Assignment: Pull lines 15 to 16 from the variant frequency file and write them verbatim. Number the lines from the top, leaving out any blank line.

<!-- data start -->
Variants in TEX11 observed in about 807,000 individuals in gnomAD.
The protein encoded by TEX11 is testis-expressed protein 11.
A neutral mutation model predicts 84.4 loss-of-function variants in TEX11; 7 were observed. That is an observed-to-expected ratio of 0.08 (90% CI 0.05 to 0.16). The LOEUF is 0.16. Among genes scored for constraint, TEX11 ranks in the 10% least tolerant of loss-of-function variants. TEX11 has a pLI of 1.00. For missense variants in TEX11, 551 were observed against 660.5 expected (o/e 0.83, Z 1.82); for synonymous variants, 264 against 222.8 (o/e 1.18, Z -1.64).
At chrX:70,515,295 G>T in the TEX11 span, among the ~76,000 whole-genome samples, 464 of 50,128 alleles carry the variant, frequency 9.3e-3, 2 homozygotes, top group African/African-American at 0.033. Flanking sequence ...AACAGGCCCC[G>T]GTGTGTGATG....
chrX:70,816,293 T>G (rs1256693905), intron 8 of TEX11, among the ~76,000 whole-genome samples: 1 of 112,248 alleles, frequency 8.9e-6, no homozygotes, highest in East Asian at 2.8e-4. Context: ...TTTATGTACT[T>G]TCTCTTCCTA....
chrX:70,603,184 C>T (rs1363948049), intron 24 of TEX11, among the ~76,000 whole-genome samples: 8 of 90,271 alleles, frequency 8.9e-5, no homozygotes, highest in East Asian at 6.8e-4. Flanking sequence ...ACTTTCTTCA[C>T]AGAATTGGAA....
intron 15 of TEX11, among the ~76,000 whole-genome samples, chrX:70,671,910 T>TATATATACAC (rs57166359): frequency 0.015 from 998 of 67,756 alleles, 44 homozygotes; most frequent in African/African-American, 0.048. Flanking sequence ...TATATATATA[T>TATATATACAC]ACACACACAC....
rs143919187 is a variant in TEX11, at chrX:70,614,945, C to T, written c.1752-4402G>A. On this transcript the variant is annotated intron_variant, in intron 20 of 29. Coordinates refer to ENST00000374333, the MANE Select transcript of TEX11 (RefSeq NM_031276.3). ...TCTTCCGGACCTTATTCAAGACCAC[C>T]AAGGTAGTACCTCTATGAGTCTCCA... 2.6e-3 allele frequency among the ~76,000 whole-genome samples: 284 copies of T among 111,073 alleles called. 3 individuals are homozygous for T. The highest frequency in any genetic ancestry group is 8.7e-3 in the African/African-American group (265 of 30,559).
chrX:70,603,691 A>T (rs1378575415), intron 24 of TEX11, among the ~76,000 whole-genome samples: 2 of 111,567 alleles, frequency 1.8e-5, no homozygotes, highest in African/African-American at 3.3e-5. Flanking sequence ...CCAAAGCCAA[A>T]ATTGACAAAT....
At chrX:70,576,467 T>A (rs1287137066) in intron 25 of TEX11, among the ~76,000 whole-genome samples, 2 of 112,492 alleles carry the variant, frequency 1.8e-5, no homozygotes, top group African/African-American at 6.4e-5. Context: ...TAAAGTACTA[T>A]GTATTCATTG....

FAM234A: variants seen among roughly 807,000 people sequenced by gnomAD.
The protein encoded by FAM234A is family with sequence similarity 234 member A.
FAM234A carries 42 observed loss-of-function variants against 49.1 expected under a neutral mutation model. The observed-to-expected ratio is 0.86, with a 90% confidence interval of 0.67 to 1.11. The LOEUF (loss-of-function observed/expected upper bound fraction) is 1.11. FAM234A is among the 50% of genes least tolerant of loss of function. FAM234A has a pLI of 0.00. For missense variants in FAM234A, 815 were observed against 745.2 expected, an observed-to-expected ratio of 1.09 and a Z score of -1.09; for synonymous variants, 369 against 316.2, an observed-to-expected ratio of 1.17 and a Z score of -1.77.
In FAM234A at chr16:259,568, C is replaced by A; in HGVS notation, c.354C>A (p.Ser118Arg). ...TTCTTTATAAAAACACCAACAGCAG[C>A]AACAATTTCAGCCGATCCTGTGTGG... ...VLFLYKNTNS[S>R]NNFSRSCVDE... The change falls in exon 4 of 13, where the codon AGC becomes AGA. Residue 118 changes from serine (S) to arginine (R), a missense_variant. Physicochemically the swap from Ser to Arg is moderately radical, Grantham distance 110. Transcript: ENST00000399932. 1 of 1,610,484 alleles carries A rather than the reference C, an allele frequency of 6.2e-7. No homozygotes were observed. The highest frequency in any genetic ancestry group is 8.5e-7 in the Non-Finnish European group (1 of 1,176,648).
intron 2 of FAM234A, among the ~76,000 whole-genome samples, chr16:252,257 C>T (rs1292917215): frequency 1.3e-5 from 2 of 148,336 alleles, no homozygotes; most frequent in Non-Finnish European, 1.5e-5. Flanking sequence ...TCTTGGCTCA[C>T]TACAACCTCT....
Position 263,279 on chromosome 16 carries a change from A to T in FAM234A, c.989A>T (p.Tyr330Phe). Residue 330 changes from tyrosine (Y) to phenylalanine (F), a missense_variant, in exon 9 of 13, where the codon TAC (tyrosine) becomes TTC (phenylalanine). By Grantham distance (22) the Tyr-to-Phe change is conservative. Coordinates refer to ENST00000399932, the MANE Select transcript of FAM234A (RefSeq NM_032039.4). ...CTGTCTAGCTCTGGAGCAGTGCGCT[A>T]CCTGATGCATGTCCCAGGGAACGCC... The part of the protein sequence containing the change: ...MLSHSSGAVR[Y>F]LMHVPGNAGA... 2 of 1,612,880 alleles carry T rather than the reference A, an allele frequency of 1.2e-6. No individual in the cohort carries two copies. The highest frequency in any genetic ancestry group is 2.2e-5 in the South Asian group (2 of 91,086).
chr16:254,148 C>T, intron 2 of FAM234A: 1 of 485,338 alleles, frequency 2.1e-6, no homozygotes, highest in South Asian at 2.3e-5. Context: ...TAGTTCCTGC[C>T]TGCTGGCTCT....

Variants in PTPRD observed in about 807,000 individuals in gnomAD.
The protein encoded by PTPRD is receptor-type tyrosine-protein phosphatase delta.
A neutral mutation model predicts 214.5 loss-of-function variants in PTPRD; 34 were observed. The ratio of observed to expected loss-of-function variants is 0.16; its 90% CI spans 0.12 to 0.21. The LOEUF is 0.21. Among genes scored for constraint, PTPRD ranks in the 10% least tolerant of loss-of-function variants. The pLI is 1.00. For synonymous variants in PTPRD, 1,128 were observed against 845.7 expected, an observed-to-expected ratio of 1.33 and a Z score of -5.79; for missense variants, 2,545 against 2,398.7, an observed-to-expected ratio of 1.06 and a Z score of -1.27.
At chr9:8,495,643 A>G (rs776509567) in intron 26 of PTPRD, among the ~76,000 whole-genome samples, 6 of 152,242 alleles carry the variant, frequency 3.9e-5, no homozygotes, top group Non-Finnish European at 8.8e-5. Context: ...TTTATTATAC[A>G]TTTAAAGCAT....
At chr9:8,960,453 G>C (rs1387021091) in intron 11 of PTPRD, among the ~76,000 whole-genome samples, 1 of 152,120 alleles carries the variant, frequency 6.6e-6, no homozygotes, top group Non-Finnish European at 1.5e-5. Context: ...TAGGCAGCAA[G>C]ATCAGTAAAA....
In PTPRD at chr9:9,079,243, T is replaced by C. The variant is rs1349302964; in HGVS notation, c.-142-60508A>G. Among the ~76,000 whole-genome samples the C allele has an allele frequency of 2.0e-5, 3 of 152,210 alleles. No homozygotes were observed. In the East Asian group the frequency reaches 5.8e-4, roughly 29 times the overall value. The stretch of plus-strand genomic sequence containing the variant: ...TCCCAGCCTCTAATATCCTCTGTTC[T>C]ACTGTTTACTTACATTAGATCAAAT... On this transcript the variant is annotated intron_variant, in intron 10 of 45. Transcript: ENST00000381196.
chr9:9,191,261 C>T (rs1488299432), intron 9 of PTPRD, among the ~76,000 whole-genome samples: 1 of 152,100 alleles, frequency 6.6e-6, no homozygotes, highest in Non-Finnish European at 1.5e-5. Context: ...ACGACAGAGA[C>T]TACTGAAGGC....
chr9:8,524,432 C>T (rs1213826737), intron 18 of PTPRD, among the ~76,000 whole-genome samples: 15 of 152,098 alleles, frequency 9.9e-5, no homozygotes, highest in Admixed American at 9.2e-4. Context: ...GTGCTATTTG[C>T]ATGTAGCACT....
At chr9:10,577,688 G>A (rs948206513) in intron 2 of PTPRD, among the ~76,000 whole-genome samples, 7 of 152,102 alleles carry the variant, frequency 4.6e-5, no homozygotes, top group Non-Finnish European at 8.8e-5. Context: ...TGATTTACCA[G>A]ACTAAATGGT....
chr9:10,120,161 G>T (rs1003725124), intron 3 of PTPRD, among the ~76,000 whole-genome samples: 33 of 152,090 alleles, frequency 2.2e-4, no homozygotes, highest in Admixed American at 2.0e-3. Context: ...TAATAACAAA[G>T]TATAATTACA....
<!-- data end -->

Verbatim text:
intron 2 of FAM234A, among the ~76,000 whole-genome samples, chr16:252,257 C>T (rs1292917215): frequency 1.3e-5 from 2 of 148,336 alleles, no homozygotes; most frequent in Non-Finnish European, 1.5e-5. Flanking sequence ...TCTTGGCTCA[C>T]TACAACCTCT....
Position 263,279 on chromosome 16 carries a change from A to T in FAM234A, c.989A>T (p.Tyr330Phe). Residue 330 changes from tyrosine (Y) to phenylalanine (F), a missense_variant, in exon 9 of 13, where the codon TAC (tyrosine) becomes TTC (phenylalanine). By Grantham distance (22) the Tyr-to-Phe change is conservative. Coordinates refer to ENST00000399932, the MANE Select transcript of FAM234A (RefSeq NM_032039.4). ...CTGTCTAGCTCTGGAGCAGTGCGCT[A>T]CCTGATGCATGTCCCAGGGAACGCC... The part of the protein sequence containing the change: ...MLSHSSGAVR[Y>F]LMHVPGNAGA... 2 of 1,612,880 alleles carry T rather than the reference A, an allele frequency of 1.2e-6. No individual in the cohort carries two copies. The highest frequency in any genetic ancestry group is 2.2e-5 in the South Asian group (2 of 91,086).